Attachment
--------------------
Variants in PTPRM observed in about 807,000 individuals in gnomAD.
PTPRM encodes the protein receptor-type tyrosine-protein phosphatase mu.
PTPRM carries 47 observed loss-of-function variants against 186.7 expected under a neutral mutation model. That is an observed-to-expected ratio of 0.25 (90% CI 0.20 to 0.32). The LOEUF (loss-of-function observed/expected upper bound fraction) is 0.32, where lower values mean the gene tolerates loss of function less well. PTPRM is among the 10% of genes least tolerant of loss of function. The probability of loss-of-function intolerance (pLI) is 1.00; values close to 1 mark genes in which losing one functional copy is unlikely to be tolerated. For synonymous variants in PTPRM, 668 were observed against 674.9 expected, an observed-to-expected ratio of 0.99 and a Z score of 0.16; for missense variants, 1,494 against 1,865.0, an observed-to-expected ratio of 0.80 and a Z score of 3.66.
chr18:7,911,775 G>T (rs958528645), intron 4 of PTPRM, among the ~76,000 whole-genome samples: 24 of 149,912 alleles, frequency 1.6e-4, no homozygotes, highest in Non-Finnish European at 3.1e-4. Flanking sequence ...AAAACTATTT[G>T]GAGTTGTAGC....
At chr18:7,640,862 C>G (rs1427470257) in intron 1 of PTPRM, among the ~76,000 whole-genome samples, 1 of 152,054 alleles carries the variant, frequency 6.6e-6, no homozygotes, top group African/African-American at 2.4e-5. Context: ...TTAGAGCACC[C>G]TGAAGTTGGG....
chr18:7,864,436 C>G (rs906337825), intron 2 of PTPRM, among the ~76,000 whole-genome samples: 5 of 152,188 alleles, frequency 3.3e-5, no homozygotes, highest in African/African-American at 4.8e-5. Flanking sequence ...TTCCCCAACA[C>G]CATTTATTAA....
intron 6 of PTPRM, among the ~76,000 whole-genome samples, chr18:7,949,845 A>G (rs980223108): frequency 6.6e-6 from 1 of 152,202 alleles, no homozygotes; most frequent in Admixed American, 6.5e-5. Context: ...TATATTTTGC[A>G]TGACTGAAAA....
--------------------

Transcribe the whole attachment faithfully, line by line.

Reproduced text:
Variants in PTPRM observed in about 807,000 individuals in gnomAD.
PTPRM encodes the protein receptor-type tyrosine-protein phosphatase mu.
PTPRM carries 47 observed loss-of-function variants against 186.7 expected under a neutral mutation model. That is an observed-to-expected ratio of 0.25 (90% CI 0.20 to 0.32). The LOEUF (loss-of-function observed/expected upper bound fraction) is 0.32, where lower values mean the gene tolerates loss of function less well. PTPRM is among the 10% of genes least tolerant of loss of function. The probability of loss-of-function intolerance (pLI) is 1.00; values close to 1 mark genes in which losing one functional copy is unlikely to be tolerated. For synonymous variants in PTPRM, 668 were observed against 674.9 expected, an observed-to-expected ratio of 0.99 and a Z score of 0.16; for missense variants, 1,494 against 1,865.0, an observed-to-expected ratio of 0.80 and a Z score of 3.66.
chr18:7,911,775 G>T (rs958528645), intron 4 of PTPRM, among the ~76,000 whole-genome samples: 24 of 149,912 alleles, frequency 1.6e-4, no homozygotes, highest in Non-Finnish European at 3.1e-4. Flanking sequence ...AAAACTATTT[G>T]GAGTTGTAGC....
At chr18:7,640,862 C>G (rs1427470257) in intron 1 of PTPRM, among the ~76,000 whole-genome samples, 1 of 152,054 alleles carries the variant, frequency 6.6e-6, no homozygotes, top group African/African-American at 2.4e-5. Context: ...TTAGAGCACC[C>G]TGAAGTTGGG....
chr18:7,864,436 C>G (rs906337825), intron 2 of PTPRM, among the ~76,000 whole-genome samples: 5 of 152,188 alleles, frequency 3.3e-5, no homozygotes, highest in African/African-American at 4.8e-5. Flanking sequence ...TTCCCCAACA[C>G]CATTTATTAA....
intron 6 of PTPRM, among the ~76,000 whole-genome samples, chr18:7,949,845 A>G (rs980223108): frequency 6.6e-6 from 1 of 152,202 alleles, no homozygotes; most frequent in Admixed American, 6.5e-5. Context: ...TATATTTTGC[A>G]TGACTGAAAA....